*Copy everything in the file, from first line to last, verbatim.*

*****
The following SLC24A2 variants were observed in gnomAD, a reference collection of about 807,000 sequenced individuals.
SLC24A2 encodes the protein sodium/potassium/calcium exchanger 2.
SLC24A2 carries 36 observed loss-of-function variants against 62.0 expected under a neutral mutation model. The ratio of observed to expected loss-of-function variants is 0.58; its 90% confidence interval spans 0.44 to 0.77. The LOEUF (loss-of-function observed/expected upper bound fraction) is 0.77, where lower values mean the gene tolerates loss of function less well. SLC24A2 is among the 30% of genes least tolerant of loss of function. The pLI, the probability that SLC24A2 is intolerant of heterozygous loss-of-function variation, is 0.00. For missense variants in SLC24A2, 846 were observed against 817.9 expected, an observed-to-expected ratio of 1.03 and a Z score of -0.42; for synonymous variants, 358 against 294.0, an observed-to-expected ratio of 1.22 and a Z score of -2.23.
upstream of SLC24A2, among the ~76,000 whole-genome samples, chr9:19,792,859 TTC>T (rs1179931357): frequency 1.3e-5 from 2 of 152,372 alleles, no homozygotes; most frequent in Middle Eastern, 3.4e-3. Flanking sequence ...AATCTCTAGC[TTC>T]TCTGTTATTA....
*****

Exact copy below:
The following SLC24A2 variants were observed in gnomAD, a reference collection of about 807,000 sequenced individuals.
SLC24A2 encodes the protein sodium/potassium/calcium exchanger 2.
SLC24A2 carries 36 observed loss-of-function variants against 62.0 expected under a neutral mutation model. The ratio of observed to expected loss-of-function variants is 0.58; its 90% confidence interval spans 0.44 to 0.77. The LOEUF (loss-of-function observed/expected upper bound fraction) is 0.77, where lower values mean the gene tolerates loss of function less well. SLC24A2 is among the 30% of genes least tolerant of loss of function. The pLI, the probability that SLC24A2 is intolerant of heterozygous loss-of-function variation, is 0.00. For missense variants in SLC24A2, 846 were observed against 817.9 expected, an observed-to-expected ratio of 1.03 and a Z score of -0.42; for synonymous variants, 358 against 294.0, an observed-to-expected ratio of 1.22 and a Z score of -2.23.
upstream of SLC24A2, among the ~76,000 whole-genome samples, chr9:19,792,859 TTC>T (rs1179931357): frequency 1.3e-5 from 2 of 152,372 alleles, no homozygotes; most frequent in Middle Eastern, 3.4e-3. Flanking sequence ...AATCTCTAGC[TTC>T]TCTGTTATTA....